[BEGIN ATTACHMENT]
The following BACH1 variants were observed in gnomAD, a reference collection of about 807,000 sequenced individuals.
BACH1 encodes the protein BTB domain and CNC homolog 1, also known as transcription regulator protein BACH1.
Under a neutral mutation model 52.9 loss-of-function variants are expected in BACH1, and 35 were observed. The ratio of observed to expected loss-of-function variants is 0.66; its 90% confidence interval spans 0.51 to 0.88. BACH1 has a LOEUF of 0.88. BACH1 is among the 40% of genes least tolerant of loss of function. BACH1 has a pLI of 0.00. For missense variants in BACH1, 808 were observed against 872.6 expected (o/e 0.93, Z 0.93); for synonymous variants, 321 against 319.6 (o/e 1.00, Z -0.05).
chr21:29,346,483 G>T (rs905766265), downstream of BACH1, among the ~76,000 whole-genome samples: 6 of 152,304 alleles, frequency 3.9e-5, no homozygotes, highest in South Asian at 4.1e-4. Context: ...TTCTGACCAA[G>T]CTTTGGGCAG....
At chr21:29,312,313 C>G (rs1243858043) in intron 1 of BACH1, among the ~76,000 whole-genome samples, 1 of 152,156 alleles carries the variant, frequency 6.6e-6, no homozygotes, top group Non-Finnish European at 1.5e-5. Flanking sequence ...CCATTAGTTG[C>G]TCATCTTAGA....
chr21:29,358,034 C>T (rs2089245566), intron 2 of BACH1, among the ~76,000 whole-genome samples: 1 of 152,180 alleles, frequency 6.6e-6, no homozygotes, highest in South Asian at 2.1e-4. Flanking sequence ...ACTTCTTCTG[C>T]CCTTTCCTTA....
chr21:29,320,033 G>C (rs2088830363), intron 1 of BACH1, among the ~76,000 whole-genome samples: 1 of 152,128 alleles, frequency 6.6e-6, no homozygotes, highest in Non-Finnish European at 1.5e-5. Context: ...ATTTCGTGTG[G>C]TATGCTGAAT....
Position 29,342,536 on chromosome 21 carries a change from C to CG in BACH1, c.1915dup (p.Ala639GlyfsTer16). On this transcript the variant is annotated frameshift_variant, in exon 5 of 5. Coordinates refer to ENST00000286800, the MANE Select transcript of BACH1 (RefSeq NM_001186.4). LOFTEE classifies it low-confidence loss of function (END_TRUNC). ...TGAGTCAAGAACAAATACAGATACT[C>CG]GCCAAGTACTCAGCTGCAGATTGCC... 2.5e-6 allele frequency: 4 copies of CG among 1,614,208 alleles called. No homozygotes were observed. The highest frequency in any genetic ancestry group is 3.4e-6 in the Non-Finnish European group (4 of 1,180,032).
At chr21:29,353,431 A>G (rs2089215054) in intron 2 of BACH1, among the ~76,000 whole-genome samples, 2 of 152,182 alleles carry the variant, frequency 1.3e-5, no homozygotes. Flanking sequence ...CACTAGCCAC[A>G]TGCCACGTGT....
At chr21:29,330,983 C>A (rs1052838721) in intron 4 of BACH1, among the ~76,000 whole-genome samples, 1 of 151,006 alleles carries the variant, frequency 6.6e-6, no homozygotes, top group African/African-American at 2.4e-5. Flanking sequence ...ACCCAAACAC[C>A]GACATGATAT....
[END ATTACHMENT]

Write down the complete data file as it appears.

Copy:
The following BACH1 variants were observed in gnomAD, a reference collection of about 807,000 sequenced individuals.
BACH1 encodes the protein BTB domain and CNC homolog 1, also known as transcription regulator protein BACH1.
Under a neutral mutation model 52.9 loss-of-function variants are expected in BACH1, and 35 were observed. The ratio of observed to expected loss-of-function variants is 0.66; its 90% confidence interval spans 0.51 to 0.88. BACH1 has a LOEUF of 0.88. BACH1 is among the 40% of genes least tolerant of loss of function. BACH1 has a pLI of 0.00. For missense variants in BACH1, 808 were observed against 872.6 expected (o/e 0.93, Z 0.93); for synonymous variants, 321 against 319.6 (o/e 1.00, Z -0.05).
chr21:29,346,483 G>T (rs905766265), downstream of BACH1, among the ~76,000 whole-genome samples: 6 of 152,304 alleles, frequency 3.9e-5, no homozygotes, highest in South Asian at 4.1e-4. Context: ...TTCTGACCAA[G>T]CTTTGGGCAG....
At chr21:29,312,313 C>G (rs1243858043) in intron 1 of BACH1, among the ~76,000 whole-genome samples, 1 of 152,156 alleles carries the variant, frequency 6.6e-6, no homozygotes, top group Non-Finnish European at 1.5e-5. Flanking sequence ...CCATTAGTTG[C>G]TCATCTTAGA....
chr21:29,358,034 C>T (rs2089245566), intron 2 of BACH1, among the ~76,000 whole-genome samples: 1 of 152,180 alleles, frequency 6.6e-6, no homozygotes, highest in South Asian at 2.1e-4. Flanking sequence ...ACTTCTTCTG[C>T]CCTTTCCTTA....
chr21:29,320,033 G>C (rs2088830363), intron 1 of BACH1, among the ~76,000 whole-genome samples: 1 of 152,128 alleles, frequency 6.6e-6, no homozygotes, highest in Non-Finnish European at 1.5e-5. Context: ...ATTTCGTGTG[G>C]TATGCTGAAT....
Position 29,342,536 on chromosome 21 carries a change from C to CG in BACH1, c.1915dup (p.Ala639GlyfsTer16). On this transcript the variant is annotated frameshift_variant, in exon 5 of 5. Coordinates refer to ENST00000286800, the MANE Select transcript of BACH1 (RefSeq NM_001186.4). LOFTEE classifies it low-confidence loss of function (END_TRUNC). ...TGAGTCAAGAACAAATACAGATACT[C>CG]GCCAAGTACTCAGCTGCAGATTGCC... 2.5e-6 allele frequency: 4 copies of CG among 1,614,208 alleles called. No homozygotes were observed. The highest frequency in any genetic ancestry group is 3.4e-6 in the Non-Finnish European group (4 of 1,180,032).
At chr21:29,353,431 A>G (rs2089215054) in intron 2 of BACH1, among the ~76,000 whole-genome samples, 2 of 152,182 alleles carry the variant, frequency 1.3e-5, no homozygotes. Flanking sequence ...CACTAGCCAC[A>G]TGCCACGTGT....
At chr21:29,330,983 C>A (rs1052838721) in intron 4 of BACH1, among the ~76,000 whole-genome samples, 1 of 151,006 alleles carries the variant, frequency 6.6e-6, no homozygotes, top group African/African-American at 2.4e-5. Flanking sequence ...ACCCAAACAC[C>A]GACATGATAT....